IMG_6702For the wet ingredients:

8  ounces salted butter, at room temperature, very soft, + 1 additional tablespoon soft salted butter for greasing loaf pans

4  extra-large eggs, at room temperature

3  tablespoons dehydrated lemon peel

2 1/2  cups granulated sugar, divided (2 cups for the cake batter, 1/2 cup for the syrup)

3/4  cup high-quality not-from-concentrate, organic lemon juice, divided (1/4 cup for stirring into the buttermilk, 1/2 cup for preparing the syrup)

3/4  buttermilk, at room temperature

1  teaspoon pure lemon extract

2  teaspoons pure vanilla extract

For the dry ingredients:

3  cups unbleached, all-purpose flour, + 3-4 additional tablespoons for flouring loaf pans

3/4  teaspoon baking powder

3/4  teaspoon baking soda

1  teaspoon sea salt

IMG_6788For the drizzly lemon glaze:

1 1/2  cups Confectioners' sugar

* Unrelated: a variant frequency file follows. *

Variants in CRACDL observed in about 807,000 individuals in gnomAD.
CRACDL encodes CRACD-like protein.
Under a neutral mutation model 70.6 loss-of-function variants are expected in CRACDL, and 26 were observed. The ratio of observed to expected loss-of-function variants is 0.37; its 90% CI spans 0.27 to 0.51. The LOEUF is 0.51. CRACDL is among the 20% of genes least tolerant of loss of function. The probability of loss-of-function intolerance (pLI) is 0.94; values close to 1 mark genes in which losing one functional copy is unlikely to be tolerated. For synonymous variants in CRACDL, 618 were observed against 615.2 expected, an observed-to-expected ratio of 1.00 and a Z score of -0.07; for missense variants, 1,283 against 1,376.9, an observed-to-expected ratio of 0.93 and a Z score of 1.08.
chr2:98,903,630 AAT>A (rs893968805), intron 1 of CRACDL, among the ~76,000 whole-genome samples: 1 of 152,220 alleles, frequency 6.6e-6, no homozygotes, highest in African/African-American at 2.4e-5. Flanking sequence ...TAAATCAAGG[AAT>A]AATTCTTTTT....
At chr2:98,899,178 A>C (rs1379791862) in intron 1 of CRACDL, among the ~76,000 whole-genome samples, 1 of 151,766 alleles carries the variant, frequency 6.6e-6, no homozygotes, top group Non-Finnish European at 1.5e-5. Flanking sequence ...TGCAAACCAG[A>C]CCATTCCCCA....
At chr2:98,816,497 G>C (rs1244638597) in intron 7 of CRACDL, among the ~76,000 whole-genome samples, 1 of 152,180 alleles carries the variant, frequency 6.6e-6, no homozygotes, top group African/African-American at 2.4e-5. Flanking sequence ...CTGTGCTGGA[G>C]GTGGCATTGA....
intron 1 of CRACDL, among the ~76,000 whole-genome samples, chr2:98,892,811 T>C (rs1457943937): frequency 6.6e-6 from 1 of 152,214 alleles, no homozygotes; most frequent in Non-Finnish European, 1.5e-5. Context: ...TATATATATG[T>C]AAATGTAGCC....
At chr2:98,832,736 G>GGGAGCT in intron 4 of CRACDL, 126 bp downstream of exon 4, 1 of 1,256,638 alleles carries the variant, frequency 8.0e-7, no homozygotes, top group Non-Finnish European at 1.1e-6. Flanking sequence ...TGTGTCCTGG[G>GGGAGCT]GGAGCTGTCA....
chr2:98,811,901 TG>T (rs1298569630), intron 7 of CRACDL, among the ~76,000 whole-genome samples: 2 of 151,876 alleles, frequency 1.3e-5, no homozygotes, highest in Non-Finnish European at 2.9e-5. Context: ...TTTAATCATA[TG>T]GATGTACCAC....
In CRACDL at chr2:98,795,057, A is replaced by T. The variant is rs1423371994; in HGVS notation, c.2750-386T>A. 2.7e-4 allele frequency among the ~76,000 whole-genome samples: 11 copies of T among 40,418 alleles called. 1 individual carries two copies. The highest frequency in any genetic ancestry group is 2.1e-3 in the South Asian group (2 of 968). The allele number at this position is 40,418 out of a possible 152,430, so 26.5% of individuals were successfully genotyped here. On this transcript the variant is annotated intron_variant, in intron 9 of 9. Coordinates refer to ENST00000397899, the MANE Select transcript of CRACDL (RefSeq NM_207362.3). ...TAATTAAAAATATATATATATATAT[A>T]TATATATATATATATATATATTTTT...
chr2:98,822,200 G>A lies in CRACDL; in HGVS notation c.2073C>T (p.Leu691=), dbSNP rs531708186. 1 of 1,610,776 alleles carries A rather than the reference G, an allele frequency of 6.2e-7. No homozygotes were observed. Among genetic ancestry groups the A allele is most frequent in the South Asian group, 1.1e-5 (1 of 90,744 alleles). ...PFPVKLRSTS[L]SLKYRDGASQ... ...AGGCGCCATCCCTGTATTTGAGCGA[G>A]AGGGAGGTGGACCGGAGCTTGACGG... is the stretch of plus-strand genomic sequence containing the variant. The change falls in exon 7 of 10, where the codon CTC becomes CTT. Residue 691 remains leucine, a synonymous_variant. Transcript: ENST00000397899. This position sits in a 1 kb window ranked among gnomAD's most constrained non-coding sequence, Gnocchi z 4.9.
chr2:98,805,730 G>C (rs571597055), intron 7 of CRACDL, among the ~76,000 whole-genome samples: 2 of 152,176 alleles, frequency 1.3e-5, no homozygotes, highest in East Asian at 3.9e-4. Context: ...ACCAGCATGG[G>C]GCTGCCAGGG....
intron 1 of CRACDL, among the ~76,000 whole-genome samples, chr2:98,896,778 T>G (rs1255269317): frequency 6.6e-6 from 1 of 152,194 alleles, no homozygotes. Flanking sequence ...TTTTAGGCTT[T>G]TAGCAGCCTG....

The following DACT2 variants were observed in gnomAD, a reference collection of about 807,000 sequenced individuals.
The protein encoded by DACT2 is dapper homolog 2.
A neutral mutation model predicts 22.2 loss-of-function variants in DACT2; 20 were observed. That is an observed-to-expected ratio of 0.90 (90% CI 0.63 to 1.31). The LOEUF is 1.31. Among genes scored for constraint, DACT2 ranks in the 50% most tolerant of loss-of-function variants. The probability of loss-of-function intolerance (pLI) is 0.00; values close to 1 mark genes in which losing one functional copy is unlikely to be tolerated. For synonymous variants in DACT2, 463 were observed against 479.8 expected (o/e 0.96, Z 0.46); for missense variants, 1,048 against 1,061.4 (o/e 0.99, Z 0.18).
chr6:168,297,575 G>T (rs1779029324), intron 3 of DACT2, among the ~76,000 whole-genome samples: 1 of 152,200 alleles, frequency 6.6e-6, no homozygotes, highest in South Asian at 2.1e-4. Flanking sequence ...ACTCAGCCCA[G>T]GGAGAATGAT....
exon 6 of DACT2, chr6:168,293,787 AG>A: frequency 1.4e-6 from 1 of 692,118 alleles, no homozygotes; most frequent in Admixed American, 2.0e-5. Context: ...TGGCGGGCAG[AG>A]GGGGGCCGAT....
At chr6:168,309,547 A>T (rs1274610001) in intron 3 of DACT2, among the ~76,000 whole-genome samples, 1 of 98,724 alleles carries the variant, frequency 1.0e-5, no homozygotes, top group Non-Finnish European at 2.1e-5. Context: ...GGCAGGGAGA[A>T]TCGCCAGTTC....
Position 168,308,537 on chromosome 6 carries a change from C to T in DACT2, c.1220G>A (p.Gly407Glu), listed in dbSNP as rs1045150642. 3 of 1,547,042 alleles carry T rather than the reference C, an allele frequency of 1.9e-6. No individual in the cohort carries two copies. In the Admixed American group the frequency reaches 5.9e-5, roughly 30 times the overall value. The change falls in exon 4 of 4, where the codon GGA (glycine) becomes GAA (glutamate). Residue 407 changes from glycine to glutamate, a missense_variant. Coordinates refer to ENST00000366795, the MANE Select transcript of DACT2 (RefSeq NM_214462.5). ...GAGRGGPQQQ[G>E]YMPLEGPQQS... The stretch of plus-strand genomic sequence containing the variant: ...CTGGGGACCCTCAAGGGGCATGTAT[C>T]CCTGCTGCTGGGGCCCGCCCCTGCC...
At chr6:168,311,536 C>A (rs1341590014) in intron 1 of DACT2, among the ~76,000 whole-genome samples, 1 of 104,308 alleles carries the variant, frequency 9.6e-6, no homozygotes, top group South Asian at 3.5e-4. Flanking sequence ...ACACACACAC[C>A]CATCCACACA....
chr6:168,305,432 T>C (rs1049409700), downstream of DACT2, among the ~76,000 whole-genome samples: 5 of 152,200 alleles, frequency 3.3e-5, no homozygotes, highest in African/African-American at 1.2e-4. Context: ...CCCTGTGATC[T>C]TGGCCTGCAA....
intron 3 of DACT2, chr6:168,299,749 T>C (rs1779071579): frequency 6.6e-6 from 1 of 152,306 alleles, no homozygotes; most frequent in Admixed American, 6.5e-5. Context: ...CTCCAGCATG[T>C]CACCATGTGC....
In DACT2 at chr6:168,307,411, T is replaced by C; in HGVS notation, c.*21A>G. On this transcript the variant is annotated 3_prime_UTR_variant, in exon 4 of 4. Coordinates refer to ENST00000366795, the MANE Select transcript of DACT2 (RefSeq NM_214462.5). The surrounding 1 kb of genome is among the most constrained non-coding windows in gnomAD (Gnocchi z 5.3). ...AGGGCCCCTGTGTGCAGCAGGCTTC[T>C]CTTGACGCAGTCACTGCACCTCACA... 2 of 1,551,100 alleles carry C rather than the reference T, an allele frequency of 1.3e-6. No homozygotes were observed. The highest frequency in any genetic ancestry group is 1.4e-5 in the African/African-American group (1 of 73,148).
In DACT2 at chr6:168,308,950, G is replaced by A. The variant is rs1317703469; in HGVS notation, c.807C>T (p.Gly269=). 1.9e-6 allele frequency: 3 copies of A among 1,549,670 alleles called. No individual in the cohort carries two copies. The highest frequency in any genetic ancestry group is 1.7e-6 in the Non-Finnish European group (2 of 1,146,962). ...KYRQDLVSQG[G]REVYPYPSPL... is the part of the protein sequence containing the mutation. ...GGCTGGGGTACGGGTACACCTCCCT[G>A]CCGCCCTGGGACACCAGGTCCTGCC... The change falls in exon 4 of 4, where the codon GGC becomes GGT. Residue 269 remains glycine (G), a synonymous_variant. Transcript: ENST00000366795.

1  teaspoon each: pure lemon and pure vanilla extract

2  tablespoons high-quality not-from-concentrate, lemon juice

IMG_6796~ Step 1. Stir all ingredients together in a 2-cup bowl, then transfer to a plastic condiment-type squeeze bottle.  Set aside.

IMG_6689 IMG_6689 IMG_6689~ Step 2.  Butter 2, 8 1/2" x 4 1/4" x 2 1/2" glass loaf pans.  Dust the inside of each loaf pan with flour and shake it clear of any excess.  Set aside.  Preheat oven to 325°.  Note:  If using metal loaf pans, preheat oven to 350°.  

IMG_6696 IMG_6696 IMG_6696 IMG_6696 IMG_6696~Step 3.  In a medium bowl, stir together the flour, baking powder, baking soda and salt.  Set aside.  Place 3/4 cup buttermilk in a 1-cup measuring container.  Stir 1/4 cup of the lemon juice, plus the lemon and vanilla extracts, into the buttermilk.  Set aside.  The remaining 1/2 cup lemon juice will be used to make a syrupy drizzle for the tops of finished cakes.